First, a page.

By Maitane Sardon
Procter & Gamble Co.'s (PG) feminine-products maker Always has partnered with actress and activist Sophia Bush, National Geographic and food bank Feeding America to raise awareness about period poverty and provide U.S. students with period-protection products, the company said Wednesday.
The P&G brand said the initiative comes as a recent poll it conducted revealed 1 in 5 girls in the U.S. have missed school due to the lack of menstrual-care products.
"While we usually associate period poverty--the lack of access of period products due to economic factors--with girls in other countries, it's not just someone else's problem, it is happening closer to home than many people may think," Always said.
"The idea that so many girls in the U.S., including in my own city of Los Angeles, are having to sacrifice parts of their education because they don't have access to period products breaks my heart," Ms. Bush said.
The company, which last year donated 20 million period products to girls in U.S schools, said it will deliver millions of free products, such as tampons and pads, during back-to-school season via Feeding America, a network of food banks.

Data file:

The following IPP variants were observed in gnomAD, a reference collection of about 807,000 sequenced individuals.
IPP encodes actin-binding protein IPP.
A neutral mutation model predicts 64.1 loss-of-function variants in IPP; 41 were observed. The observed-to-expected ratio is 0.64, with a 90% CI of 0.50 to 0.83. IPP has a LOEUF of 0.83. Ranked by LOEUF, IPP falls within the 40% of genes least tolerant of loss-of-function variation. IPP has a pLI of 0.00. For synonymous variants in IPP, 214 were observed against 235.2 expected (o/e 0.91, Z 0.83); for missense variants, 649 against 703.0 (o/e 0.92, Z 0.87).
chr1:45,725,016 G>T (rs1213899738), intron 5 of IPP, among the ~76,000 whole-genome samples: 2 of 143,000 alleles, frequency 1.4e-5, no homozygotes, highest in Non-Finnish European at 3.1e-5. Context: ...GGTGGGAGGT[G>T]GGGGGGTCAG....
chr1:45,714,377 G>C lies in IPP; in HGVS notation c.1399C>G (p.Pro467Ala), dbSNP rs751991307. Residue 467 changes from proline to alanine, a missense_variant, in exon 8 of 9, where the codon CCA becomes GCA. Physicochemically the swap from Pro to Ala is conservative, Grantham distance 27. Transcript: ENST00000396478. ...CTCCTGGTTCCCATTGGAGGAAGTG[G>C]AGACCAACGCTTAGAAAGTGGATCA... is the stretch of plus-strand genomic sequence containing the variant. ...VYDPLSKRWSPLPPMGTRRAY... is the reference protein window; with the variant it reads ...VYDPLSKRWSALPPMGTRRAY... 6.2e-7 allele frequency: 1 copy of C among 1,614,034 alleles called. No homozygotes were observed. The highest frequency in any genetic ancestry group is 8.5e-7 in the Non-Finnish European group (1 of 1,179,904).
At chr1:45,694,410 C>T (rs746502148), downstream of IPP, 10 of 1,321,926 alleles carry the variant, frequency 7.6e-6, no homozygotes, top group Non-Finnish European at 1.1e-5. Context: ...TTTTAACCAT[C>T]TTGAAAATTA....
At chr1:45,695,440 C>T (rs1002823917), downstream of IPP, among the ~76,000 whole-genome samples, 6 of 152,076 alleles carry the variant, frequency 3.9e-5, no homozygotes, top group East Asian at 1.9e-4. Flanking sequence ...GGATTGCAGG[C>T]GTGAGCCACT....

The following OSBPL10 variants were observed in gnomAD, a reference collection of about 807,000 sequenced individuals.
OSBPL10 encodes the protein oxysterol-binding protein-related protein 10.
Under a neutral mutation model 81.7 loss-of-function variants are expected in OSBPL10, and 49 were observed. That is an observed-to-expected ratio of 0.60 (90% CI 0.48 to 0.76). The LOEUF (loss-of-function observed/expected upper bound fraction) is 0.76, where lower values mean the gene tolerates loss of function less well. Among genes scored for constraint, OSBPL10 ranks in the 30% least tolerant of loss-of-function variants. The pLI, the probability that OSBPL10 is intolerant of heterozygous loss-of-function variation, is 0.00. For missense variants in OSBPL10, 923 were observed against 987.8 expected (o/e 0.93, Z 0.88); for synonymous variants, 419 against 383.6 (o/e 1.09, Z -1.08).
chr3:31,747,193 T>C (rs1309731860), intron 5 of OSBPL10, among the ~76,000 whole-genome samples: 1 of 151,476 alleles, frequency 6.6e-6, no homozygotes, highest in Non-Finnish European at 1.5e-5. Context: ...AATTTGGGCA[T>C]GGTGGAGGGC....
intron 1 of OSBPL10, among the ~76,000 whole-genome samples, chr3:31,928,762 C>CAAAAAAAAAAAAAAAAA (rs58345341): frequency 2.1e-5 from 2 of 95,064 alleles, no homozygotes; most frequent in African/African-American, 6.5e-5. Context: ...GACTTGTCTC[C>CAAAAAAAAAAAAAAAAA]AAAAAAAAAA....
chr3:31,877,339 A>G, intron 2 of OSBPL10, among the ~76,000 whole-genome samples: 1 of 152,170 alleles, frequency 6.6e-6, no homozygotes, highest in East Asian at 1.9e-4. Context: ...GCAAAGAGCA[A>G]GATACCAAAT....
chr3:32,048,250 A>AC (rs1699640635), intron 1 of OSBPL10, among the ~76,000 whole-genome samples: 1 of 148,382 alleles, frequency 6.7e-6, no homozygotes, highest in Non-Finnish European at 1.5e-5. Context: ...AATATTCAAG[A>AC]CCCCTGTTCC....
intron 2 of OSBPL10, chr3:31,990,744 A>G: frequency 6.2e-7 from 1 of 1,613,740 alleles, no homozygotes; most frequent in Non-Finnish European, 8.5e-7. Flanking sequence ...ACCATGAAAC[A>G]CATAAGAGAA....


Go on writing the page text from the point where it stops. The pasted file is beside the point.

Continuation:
To further raise awareness of the impact period poverty has on girls' education, Always said it has also partnered with National Geographic to share girls' first-hand experiences with period poverty.
"We're proud to continue our mission to keep more girls in school by providing them with the period products they need, and to raise awareness of this important issue," said Hesham Tohamy, vice president of Feminine Care at Procter & Gamble.
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